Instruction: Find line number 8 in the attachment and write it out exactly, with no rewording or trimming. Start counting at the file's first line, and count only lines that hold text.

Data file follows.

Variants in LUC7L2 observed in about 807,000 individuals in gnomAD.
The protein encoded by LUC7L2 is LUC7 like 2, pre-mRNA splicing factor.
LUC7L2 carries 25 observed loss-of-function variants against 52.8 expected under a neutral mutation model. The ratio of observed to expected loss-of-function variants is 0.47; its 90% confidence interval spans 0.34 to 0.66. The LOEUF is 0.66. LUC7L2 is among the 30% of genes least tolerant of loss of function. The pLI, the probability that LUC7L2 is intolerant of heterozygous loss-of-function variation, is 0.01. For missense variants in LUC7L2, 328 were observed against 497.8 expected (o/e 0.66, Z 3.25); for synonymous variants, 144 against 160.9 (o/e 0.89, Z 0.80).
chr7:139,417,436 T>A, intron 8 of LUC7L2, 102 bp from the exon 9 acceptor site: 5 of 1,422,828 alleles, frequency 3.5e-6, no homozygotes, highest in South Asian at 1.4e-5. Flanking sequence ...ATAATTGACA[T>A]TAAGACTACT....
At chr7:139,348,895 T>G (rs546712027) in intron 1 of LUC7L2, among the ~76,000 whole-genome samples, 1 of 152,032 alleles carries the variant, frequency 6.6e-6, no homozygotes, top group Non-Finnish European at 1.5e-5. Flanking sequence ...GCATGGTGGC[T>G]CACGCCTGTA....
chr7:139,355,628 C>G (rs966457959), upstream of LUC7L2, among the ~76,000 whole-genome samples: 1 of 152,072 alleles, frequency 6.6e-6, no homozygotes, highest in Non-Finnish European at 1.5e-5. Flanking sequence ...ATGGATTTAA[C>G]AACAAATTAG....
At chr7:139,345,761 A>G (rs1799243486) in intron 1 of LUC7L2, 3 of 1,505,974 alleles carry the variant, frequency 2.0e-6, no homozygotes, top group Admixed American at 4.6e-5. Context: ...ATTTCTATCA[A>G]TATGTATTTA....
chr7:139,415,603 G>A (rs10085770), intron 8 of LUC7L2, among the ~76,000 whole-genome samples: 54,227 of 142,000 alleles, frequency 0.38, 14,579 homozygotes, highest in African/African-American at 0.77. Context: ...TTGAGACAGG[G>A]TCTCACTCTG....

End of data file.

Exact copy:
chr7:139,415,603 G>A (rs10085770), intron 8 of LUC7L2, among the ~76,000 whole-genome samples: 54,227 of 142,000 alleles, frequency 0.38, 14,579 homozygotes, highest in African/African-American at 0.77. Context: ...TTGAGACAGG[G>A]TCTCACTCTG....